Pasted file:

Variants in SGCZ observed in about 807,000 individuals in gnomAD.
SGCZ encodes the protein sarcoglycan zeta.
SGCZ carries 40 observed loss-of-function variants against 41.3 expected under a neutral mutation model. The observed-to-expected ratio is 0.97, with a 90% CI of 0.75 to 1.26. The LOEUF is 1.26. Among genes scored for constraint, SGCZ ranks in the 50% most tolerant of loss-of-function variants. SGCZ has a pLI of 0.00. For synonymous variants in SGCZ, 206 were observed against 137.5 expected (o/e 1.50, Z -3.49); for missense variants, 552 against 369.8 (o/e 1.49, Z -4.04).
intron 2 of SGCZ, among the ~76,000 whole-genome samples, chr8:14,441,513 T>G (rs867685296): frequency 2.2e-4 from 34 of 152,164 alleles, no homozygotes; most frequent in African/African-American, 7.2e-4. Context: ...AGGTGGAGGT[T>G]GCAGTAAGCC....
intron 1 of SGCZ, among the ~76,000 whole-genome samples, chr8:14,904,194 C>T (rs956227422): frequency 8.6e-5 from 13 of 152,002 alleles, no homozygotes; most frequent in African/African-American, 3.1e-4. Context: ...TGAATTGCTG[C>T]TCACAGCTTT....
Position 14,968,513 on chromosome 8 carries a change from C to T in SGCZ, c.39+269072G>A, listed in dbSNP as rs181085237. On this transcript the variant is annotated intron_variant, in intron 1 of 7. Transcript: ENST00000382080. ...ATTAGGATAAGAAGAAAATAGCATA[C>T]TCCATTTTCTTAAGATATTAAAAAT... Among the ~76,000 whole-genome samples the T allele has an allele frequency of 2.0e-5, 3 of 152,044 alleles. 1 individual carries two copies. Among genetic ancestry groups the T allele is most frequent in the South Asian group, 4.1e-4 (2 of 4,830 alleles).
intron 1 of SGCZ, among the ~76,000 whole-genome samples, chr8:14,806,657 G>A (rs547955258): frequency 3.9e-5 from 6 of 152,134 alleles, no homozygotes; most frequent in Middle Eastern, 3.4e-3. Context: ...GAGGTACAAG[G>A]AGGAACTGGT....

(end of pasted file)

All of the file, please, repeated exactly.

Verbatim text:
Variants in SGCZ observed in about 807,000 individuals in gnomAD.
SGCZ encodes the protein sarcoglycan zeta.
SGCZ carries 40 observed loss-of-function variants against 41.3 expected under a neutral mutation model. The observed-to-expected ratio is 0.97, with a 90% CI of 0.75 to 1.26. The LOEUF is 1.26. Among genes scored for constraint, SGCZ ranks in the 50% most tolerant of loss-of-function variants. SGCZ has a pLI of 0.00. For synonymous variants in SGCZ, 206 were observed against 137.5 expected (o/e 1.50, Z -3.49); for missense variants, 552 against 369.8 (o/e 1.49, Z -4.04).
intron 2 of SGCZ, among the ~76,000 whole-genome samples, chr8:14,441,513 T>G (rs867685296): frequency 2.2e-4 from 34 of 152,164 alleles, no homozygotes; most frequent in African/African-American, 7.2e-4. Context: ...AGGTGGAGGT[T>G]GCAGTAAGCC....
intron 1 of SGCZ, among the ~76,000 whole-genome samples, chr8:14,904,194 C>T (rs956227422): frequency 8.6e-5 from 13 of 152,002 alleles, no homozygotes; most frequent in African/African-American, 3.1e-4. Context: ...TGAATTGCTG[C>T]TCACAGCTTT....
Position 14,968,513 on chromosome 8 carries a change from C to T in SGCZ, c.39+269072G>A, listed in dbSNP as rs181085237. On this transcript the variant is annotated intron_variant, in intron 1 of 7. Transcript: ENST00000382080. ...ATTAGGATAAGAAGAAAATAGCATA[C>T]TCCATTTTCTTAAGATATTAAAAAT... Among the ~76,000 whole-genome samples the T allele has an allele frequency of 2.0e-5, 3 of 152,044 alleles. 1 individual carries two copies. Among genetic ancestry groups the T allele is most frequent in the South Asian group, 4.1e-4 (2 of 4,830 alleles).
intron 1 of SGCZ, among the ~76,000 whole-genome samples, chr8:14,806,657 G>A (rs547955258): frequency 3.9e-5 from 6 of 152,134 alleles, no homozygotes; most frequent in Middle Eastern, 3.4e-3. Context: ...GAGGTACAAG[G>A]AGGAACTGGT....